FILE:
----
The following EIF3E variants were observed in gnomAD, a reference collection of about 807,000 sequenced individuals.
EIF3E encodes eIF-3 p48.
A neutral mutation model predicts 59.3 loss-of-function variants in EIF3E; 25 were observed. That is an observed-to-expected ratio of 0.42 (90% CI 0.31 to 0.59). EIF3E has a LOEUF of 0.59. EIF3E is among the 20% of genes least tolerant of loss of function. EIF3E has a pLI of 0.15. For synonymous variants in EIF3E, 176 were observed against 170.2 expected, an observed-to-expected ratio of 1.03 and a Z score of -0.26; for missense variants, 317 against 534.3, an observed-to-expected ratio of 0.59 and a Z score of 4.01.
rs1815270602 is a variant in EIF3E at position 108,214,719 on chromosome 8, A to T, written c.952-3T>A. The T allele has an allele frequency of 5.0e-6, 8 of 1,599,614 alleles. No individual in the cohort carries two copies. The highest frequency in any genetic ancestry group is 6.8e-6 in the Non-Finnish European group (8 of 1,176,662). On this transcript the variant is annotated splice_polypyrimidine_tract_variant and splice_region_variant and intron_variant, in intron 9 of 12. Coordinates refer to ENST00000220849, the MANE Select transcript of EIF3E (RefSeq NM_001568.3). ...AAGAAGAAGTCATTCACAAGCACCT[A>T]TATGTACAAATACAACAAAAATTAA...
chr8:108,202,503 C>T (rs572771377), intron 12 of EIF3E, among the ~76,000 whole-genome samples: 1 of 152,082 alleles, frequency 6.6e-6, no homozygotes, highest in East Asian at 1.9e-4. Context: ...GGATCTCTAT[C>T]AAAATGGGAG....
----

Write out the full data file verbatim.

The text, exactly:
The following EIF3E variants were observed in gnomAD, a reference collection of about 807,000 sequenced individuals.
EIF3E encodes eIF-3 p48.
A neutral mutation model predicts 59.3 loss-of-function variants in EIF3E; 25 were observed. That is an observed-to-expected ratio of 0.42 (90% CI 0.31 to 0.59). EIF3E has a LOEUF of 0.59. EIF3E is among the 20% of genes least tolerant of loss of function. EIF3E has a pLI of 0.15. For synonymous variants in EIF3E, 176 were observed against 170.2 expected, an observed-to-expected ratio of 1.03 and a Z score of -0.26; for missense variants, 317 against 534.3, an observed-to-expected ratio of 0.59 and a Z score of 4.01.
rs1815270602 is a variant in EIF3E at position 108,214,719 on chromosome 8, A to T, written c.952-3T>A. The T allele has an allele frequency of 5.0e-6, 8 of 1,599,614 alleles. No individual in the cohort carries two copies. The highest frequency in any genetic ancestry group is 6.8e-6 in the Non-Finnish European group (8 of 1,176,662). On this transcript the variant is annotated splice_polypyrimidine_tract_variant and splice_region_variant and intron_variant, in intron 9 of 12. Coordinates refer to ENST00000220849, the MANE Select transcript of EIF3E (RefSeq NM_001568.3). ...AAGAAGAAGTCATTCACAAGCACCT[A>T]TATGTACAAATACAACAAAAATTAA...
chr8:108,202,503 C>T (rs572771377), intron 12 of EIF3E, among the ~76,000 whole-genome samples: 1 of 152,082 alleles, frequency 6.6e-6, no homozygotes, highest in East Asian at 1.9e-4. Context: ...GGATCTCTAT[C>T]AAAATGGGAG....